Recently bottled, and had a vibrant fresh citrus floral and melon aroma, whilst on the palate showed good concentration, texture, volume and balance, expressing very subtle fruit complexity.
A lesser known indigenous variety in Abruzzo, considerably softer, cleaner and gentler than the Pecorino before it. On the nose there were subtle peach and pear fruits with a complex reggiano cheese skin, and on the palate showed some creaminess with the delicate fruit notes.
Villa Chiara Trebbiano d’Abruzzo 2011
Full, broad and rich, had great acidity freshness and approachability, but somehow lacked definition and personality. I’m not sure how this could be achieved, perhaps it is a result of the vine age, or perhaps some lees contact could be introduced to add some more structure and texture.
Montepulciano d’Abruzzo 2010
A bold black fruit and spicy pepper nose, and on the palate was full, intense and warm, very approachable and reflective of the variety, but finished a little short.
Riserva Montepulciano d’Abruzzo 2007
Quite different, showing the difference in oak treatment and vintage. It was fuller and heavier, very bold in tannins and texture, with developed red and purple fruit notes, and whilst the oak was intense it wasn’t sweet or clumsy, and added complexity to the wine rather than distracting from the fruit.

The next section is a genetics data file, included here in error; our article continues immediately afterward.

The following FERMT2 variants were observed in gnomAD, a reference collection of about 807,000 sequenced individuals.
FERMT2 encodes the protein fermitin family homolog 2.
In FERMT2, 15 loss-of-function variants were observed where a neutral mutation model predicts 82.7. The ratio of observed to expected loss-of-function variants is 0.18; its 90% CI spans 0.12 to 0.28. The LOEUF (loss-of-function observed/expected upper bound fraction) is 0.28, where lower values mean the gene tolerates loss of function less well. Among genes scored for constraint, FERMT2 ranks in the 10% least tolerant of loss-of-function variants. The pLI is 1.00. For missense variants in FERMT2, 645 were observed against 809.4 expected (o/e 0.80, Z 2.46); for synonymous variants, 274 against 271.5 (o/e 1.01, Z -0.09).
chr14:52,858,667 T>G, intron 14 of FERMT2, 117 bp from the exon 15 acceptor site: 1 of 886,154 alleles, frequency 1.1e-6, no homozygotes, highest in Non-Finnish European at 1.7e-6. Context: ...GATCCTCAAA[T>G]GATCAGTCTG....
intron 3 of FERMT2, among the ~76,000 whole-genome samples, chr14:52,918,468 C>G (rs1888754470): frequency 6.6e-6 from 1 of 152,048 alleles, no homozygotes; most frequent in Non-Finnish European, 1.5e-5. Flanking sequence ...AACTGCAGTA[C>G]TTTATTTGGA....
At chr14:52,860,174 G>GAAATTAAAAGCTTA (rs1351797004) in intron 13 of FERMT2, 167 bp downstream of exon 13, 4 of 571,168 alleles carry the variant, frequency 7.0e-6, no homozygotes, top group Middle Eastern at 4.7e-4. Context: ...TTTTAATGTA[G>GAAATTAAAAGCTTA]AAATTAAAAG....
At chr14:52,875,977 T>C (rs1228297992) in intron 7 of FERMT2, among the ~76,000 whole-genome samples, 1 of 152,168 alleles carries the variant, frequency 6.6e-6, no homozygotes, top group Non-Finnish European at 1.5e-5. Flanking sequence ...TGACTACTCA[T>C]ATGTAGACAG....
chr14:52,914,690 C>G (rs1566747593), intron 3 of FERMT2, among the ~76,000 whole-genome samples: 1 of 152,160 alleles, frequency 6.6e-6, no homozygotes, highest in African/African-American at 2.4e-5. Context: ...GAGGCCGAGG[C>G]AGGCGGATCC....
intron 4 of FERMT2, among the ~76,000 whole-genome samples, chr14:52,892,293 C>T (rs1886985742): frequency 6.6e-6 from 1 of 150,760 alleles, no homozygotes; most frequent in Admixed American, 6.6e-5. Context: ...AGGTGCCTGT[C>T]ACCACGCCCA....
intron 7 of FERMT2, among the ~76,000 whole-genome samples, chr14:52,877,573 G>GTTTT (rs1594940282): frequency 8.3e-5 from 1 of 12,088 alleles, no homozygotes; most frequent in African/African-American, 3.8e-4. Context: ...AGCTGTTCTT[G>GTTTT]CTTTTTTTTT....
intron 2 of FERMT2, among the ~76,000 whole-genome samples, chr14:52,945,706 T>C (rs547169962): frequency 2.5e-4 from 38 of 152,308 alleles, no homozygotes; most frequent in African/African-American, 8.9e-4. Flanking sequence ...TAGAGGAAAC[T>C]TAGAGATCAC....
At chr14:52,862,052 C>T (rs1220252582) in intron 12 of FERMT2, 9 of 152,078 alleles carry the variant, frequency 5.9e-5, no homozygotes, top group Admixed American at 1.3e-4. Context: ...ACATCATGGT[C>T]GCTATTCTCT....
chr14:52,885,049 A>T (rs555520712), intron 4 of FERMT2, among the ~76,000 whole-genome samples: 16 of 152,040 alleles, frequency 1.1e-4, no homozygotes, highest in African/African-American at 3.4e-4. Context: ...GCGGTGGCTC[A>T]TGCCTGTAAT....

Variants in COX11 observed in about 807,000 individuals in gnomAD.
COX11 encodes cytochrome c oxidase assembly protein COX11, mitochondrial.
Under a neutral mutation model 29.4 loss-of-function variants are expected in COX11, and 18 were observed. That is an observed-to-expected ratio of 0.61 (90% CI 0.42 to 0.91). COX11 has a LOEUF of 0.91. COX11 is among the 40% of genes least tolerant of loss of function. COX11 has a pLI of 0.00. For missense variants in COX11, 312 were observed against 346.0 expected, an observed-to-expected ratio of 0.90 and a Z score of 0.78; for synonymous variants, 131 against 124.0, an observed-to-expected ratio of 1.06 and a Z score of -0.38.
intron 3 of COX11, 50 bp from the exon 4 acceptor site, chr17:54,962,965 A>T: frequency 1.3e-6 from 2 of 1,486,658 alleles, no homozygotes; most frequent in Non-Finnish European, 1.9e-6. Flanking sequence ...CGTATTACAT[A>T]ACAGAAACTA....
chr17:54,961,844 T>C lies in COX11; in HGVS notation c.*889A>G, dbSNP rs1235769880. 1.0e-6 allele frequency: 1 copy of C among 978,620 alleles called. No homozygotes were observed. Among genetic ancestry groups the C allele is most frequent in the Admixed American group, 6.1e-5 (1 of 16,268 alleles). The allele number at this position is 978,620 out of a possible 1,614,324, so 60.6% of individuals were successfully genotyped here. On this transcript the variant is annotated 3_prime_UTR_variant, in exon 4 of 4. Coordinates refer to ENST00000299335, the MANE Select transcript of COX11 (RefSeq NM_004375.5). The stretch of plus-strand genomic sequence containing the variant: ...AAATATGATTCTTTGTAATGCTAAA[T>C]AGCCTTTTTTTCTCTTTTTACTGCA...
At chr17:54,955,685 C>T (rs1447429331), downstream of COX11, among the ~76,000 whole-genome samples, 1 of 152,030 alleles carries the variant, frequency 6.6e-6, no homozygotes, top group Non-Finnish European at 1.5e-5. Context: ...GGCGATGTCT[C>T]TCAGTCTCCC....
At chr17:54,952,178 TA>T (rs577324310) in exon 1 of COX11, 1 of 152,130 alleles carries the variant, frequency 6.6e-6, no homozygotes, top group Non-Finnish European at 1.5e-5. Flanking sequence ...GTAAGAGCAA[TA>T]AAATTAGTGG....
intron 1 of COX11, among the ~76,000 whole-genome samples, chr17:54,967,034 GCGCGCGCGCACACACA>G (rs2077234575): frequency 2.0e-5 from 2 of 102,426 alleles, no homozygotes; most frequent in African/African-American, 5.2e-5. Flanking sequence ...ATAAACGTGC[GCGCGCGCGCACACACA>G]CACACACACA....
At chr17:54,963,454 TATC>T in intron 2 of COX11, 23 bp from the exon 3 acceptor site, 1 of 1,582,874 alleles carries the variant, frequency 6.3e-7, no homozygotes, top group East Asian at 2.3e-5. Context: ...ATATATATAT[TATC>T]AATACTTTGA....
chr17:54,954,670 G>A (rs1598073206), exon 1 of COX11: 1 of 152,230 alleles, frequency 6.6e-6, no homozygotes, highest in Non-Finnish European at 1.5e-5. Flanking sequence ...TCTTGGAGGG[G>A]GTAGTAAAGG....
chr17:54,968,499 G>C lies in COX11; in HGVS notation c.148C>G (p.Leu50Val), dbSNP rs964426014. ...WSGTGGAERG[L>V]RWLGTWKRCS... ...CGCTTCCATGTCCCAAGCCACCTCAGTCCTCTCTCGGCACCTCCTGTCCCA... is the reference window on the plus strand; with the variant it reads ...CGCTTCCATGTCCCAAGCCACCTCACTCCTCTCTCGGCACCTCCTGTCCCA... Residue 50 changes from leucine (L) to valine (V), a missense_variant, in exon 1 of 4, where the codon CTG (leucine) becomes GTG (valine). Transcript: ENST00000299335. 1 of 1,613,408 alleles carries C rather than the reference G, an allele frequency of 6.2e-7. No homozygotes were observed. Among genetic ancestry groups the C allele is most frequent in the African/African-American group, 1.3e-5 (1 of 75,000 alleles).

The Barone di Valforte winery
In my humble opinion, it takes three things and only three to make great wine; all other elements merely support the others. The first is of course the environment, which includes both the climate/weather and the actual earth & surrounding vegetation. The second element is the vine itself, and ensuring that the right variety is planted in the right location. The third element is people, because everything each person does towards a wine leaves an impact. What elements you use to produce the wine is somewhat irrelevant, and is completely up to the producer. At the end of the day, wine is made using the same process of fermentation, regardless of where you are in the world. People may enter the business of wine from many different backgrounds, be they agricultural, business, marketing, sales, or any other unique origin. Many people are lovers of great wine, many enter the business to make money, some may inherit or take after their parents, and still more may desire a complete change of scenery. In many cases people may produce wine around their day-to-day profession, growing grapes and/or making wine as a hobby. Eventually they may leave their other profession to focus solely on the wine, and others may employ people to handle the production of the wine. Regardless of people’s backgrounds or motives, the ultimate prerequisite to work with great wine is passion and commitment, as wine is not a short-term investment, nor are you likely to achieve overnight success. In my quest I have met so many different people who have all left their mark, regardless of their level of involvement or responsibilities. My final visit for Abruzzo was with a family of noble origins, not the first and probably not the last of my trip.
|Barone di Valforte vineyards